Prime Minister Julia Gillard says proposed media laws changes won't curtail the freedom of the press or allow governments to control the news.
Labor will introduce laws to parliament on Thursday to create a new public interest media advocate to ensure the self-regulatory body that handles complaints about the print and online media does its job properly.
The advocate would also be charged with ensuring media mergers and acquisitions don't reduce diversity.
As well, a parliamentary committee will look at whether the 75 per cent rule - which limits the audience reach of television networks - should be dropped.
The changes, which the government wants passed within a week, have been attacked by the industry, the federal opposition and crossbench MPs as undermining media freedom.
Ms Gillard says she's "passionately committed" to freedom of speech and diversity in the media.
"Both are essential underpinnings of our democracy," she told reporters in Canberra on Wednesday.
The government wasn't trying to direct what journalists wrote.
"The only thing the government is saying is when media organisations come together to create a press council ... that self-regulation model should come up to certain standards," she said.
"And when it comes up to certain standards the news organisations participating in that press council get the benefit of the exemption under the Privacy Act."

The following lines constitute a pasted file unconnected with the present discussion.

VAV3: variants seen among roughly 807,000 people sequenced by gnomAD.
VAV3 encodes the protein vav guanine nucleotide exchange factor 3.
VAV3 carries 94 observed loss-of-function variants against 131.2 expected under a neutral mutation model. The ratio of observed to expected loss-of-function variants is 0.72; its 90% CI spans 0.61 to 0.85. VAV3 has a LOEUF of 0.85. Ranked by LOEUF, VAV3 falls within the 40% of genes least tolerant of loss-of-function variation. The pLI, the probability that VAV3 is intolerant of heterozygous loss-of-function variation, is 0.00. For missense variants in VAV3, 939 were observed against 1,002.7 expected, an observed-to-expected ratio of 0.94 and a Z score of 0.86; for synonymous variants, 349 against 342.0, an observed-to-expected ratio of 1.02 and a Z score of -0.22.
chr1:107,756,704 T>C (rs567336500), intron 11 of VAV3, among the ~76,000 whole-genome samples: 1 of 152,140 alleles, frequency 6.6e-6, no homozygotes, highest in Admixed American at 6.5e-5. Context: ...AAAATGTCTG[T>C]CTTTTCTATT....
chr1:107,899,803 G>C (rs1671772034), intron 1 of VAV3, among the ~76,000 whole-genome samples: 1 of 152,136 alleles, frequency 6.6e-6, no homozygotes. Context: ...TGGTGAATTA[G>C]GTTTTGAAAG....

Ms Gillard says it's appropriate that any further consolidation in Australia's media industry be tested against the public interest by an independent advocate.
She cited figures showing the two major news companies in Australia - Fairfax and News Limited - covered 86 per cent of the market. In the US, where the top two newspaper companies cover 14 per cent of the market.
Asked how the proposed laws would stop further ownership concentration, Ms Gillard said, "They don't."
But the new advocate, who would set the standards for press councils and test diversity, would act "independently and in good faith" and not be controlled by the government.
Ms Gillard compared the appointment process, which would involve consultation with the opposition, to that of High Court judges.
"There is no evidence that despite the fact we appoint High Court judges that we somehow get beneficial decisions from them," she said.